How Do You Evaluate Damaged Areas Within Corrugated Metal Pipes?

Having been in this industry for several years, I am often asked questions about the pipe installation process as well as a pipe's condition post-installation. I thought I would take the opportunity here to address issues regarding damage to corrugated metal pipes (CMP) that occasionally occurs during or after field installations.

On occasion, it may be necessary to evaluate sections of corrugated metal pipe that have been compromised or damaged in some manner to determine if the pipe can be repaired, reinforced or must be replaced. The National Corrugated Steel Pipe Association (NCSPA) has published a design guidei that outlines a design procedure per ASTM A998ii to determine if a corrugated steel pipe needs to be reinforced when a lateral or tap-in is going to be cut into it. If reinforcing is required, a design methodology is provided for determining the size and location of the necessary reinforcement. Within the document there are numerous tables that define by pipe corrugation, gage and cover depth what the maximum tap-in size would be without requiring any additional reinforcement.

The design procedure and tables within the NCSPA Design Data Sheet can serve as an aid in determining whether the pipe has been structurally compromised due to the localized deformation, provided the damage is localized (i.e., does not involve the global deformation of the pipe) and isolated (i.e., there aren’t multiple damaged areas in the same vicinity of the pipe). The design procedure outlined in the Design Data Sheet can be used to evaluate corrugated aluminum pipe as well.

The procedure for this determination could be as follows:

  • Measure the largest dimension across the locally deformed or damaged area in any direction.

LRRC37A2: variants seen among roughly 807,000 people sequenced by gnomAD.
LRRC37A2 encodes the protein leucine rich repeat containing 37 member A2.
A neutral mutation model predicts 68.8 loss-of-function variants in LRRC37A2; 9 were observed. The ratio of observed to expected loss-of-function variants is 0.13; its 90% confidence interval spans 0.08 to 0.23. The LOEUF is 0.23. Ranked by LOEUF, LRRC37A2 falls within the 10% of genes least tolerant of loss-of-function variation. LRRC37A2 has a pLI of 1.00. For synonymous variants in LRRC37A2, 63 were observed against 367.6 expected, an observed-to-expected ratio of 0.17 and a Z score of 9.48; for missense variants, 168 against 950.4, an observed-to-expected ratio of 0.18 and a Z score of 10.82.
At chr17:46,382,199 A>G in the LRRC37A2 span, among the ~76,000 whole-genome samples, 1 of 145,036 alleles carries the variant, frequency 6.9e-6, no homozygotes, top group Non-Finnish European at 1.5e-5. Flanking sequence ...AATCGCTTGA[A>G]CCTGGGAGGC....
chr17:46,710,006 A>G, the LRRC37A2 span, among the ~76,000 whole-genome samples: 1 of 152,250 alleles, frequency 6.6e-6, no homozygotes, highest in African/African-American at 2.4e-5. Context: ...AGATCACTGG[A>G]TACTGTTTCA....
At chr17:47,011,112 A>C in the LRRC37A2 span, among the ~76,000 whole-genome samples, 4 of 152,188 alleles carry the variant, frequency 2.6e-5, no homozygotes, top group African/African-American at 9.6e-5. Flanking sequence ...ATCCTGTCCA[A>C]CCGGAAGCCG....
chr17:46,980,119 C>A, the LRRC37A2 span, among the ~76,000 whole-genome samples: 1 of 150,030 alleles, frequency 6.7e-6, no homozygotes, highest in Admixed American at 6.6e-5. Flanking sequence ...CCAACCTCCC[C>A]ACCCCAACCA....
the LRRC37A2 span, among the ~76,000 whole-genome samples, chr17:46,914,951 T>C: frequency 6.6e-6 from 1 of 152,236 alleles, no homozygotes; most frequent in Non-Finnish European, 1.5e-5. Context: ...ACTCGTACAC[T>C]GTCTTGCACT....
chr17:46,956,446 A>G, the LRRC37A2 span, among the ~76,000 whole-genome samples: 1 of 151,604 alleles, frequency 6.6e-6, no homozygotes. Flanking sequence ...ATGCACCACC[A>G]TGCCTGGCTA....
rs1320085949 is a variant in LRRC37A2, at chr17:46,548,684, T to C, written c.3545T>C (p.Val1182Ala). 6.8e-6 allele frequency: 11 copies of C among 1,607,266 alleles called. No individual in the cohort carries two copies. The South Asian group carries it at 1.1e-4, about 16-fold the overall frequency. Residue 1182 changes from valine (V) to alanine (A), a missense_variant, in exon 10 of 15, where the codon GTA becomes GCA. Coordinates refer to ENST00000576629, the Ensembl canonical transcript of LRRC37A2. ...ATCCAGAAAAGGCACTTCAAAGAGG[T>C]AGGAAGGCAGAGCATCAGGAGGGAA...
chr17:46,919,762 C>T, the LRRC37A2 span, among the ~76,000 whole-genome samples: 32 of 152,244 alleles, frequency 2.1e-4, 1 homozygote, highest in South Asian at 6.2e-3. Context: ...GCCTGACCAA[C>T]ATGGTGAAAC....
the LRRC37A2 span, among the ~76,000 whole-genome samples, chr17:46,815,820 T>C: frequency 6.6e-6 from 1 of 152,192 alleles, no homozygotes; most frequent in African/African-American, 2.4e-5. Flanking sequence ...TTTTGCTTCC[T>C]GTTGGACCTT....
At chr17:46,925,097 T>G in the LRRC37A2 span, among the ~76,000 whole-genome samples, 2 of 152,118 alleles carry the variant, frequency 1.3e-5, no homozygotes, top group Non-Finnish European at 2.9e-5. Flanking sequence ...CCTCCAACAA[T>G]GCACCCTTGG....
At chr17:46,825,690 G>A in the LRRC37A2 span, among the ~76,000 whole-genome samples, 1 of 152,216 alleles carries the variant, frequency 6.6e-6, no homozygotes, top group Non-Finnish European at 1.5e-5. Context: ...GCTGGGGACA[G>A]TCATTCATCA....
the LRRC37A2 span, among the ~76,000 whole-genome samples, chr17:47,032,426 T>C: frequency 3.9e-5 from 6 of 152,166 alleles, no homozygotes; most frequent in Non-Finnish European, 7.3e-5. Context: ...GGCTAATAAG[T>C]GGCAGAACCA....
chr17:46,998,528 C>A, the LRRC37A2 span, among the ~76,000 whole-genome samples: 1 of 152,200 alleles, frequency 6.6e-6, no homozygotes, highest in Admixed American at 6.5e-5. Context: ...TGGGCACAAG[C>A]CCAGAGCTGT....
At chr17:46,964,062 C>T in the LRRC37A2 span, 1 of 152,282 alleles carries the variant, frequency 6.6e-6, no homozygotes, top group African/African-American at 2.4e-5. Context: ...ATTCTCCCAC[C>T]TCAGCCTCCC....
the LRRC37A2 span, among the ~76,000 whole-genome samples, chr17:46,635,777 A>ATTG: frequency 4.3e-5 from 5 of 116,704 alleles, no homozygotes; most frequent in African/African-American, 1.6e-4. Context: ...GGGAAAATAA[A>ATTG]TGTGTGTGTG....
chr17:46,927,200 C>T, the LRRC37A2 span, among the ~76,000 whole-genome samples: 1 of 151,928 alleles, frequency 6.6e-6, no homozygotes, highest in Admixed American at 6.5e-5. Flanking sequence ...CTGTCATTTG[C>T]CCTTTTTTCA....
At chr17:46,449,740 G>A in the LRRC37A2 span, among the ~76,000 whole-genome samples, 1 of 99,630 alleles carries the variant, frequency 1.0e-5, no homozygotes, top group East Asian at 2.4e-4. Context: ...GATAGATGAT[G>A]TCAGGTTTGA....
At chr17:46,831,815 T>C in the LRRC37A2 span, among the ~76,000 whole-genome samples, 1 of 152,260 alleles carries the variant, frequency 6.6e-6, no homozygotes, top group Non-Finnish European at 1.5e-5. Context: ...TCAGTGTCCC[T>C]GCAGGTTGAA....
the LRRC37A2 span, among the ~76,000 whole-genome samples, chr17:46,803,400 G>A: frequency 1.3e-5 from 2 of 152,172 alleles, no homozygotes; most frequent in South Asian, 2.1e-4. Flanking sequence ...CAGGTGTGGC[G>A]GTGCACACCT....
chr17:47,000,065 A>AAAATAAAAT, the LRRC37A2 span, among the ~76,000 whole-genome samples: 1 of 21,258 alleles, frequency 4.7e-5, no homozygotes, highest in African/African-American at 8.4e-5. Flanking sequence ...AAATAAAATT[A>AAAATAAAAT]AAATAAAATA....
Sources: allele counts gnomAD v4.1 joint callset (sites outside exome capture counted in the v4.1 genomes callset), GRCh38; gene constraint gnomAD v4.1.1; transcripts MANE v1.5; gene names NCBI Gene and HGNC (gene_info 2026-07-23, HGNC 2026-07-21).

• Compare this measured dimension to the maximum allowable branch diameter within the tables in the Design Data Sheet for the applicable pipe corrugation, cover depth and pipe gage being evaluated.
  • If the dimension of the lateral that can be placed within the pipe is greater than the maximum dimension across the damaged area of the pipe wall, the pipe should be structurally stable without the need for any reinforcement.
  • If the dimension of the damaged area is greater than maximum allowable branch diameter, the pipe will likely need to be reinforced or replaced. A consulting engineer should be retained to design the reinforcing requirements.

The tables shown in the Design Data Sheet are only applicable for pipe that is subjected to standard highway live loads. Step 1 of the Design Procedure describes how other live loads can be evaluated with this document. If there is any question as to the applicability of this document to the evaluation of a damaged pipe, a consulting engineer (one who is familiar with the proper design, installation and evaluation of corrugated metal pipe) should be retained to make a proper evaluation and recommendation for the pipe.

iDesign Data Sheet No. 18, National Corrugated Steel Pipe Association, September 1999

iiASTM A998-18, Standard Practice for Structural Design of Reinforcements for Fittings in Factory-Made Corrugated Steel Pipe for Sewers and Other Applications, ASTM International, 2018